Originally Posted by WDFan1970
When 40 MHz channels are used in 802.11n at 2.4GHz, 82% of the legal spectrum is allocated to that "One" channel. That means there's an 82% likelihood that your neighbors will be interfering with you...whether they're using 40MHz or 20MHz.
So basically, if YOU are using 40MHz channels, and your neighbors have WiFi of *ANY* sort in the 2.4GHz band, 82% chance they will interfere with yours.
2.4 GHz has only THREE channels that are considered "Non Overlapping." In reality, there is a LITTLE overlap. The channels are 1, 6, and 11.
Channel 1 overlaps with channels 1 thru 3.
Channel 6 overlaps with channels 4 thru 8.
Channel 11 overlaps with channels 9 thru 13.
If you use 40 MHz channels, then Channel 5 overlaps with channels 1 thru 7, and channel 9 overlaps with channels 3 thru 11. See? No matter WHICH channel you use, they overlap the others with an 82% likelihood.
This is based on United States frequency allocation. Other "regulatory domains" have different results.
So basically, 40 MHz channels are a HUGELY TERRIBLE thing to do in a "Shared" space. Only if you live out in the forest, or roughly 500 feet from the nearest neighbor, will you EVER get a clean spectrum. And if your city has Municipal Wifi: It's ALL OVER.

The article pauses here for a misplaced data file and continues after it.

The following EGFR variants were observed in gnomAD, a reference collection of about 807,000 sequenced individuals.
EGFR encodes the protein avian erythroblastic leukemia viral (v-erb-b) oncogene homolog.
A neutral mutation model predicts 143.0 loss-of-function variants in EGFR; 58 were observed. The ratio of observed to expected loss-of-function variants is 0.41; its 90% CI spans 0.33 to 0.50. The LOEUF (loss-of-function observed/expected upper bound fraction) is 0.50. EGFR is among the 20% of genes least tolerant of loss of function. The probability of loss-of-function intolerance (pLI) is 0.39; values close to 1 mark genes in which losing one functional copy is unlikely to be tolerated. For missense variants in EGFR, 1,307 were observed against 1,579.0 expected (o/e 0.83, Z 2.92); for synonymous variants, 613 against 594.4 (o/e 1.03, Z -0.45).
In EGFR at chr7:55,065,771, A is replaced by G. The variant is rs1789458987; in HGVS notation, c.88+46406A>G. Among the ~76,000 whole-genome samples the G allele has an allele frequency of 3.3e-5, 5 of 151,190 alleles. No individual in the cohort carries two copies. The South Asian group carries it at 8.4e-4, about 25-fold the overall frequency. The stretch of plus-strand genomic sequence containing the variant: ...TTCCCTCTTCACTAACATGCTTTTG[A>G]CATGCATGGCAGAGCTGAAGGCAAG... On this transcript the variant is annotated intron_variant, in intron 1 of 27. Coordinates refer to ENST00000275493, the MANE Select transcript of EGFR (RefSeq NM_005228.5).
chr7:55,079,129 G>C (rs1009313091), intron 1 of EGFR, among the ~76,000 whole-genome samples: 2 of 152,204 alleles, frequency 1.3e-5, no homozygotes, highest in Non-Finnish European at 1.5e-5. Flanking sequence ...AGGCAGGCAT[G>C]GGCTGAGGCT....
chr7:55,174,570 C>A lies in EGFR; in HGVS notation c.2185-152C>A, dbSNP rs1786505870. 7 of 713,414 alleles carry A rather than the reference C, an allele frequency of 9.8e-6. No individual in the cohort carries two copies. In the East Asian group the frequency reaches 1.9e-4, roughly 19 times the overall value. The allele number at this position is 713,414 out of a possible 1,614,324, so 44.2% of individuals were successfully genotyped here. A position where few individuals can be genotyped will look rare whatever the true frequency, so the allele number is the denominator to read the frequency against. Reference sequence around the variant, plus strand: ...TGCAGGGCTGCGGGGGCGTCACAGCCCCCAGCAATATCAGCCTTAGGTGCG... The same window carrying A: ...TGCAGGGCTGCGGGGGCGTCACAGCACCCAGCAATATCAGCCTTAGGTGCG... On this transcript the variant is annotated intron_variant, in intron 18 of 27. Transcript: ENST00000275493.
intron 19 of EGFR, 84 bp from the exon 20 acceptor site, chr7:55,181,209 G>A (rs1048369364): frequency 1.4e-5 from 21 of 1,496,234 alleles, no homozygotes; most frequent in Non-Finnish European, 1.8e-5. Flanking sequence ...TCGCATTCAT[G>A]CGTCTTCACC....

If your boxes do NOT have an Auto channel-width, then you are far better off using 20 MHz channels.
If you are using *ANY* 802.11b/g devices, you're better off leaving your max throughput set to 54Mbit / second, because there's VERY LITTLE advantage to having 802.11n in "Mixed Mode" with other devices.
All of these things I'm describing are generally called "Coexistence Problems." And it's a major limitation of WiFi. But it's NECESSARY to guarantee interoperability with older devices. The presence of so much as ONE 802.11b client in an 802.11b/g network slows performance dramatically. The presence of ONE 802.11 b or g device in a 802.11n network severely limits performance.
It's just the way it is.
Read the "Backward Compatibility" section of this wiki article: http://en.wikipedia.org/wiki/802.11n
to see more.
That's why WD stresses in the user manual: "The recommended setting on Wireless N routers is 802.11n-only..." because they know that "Mixed Mode" destroys high-throughput WiFi capabilities.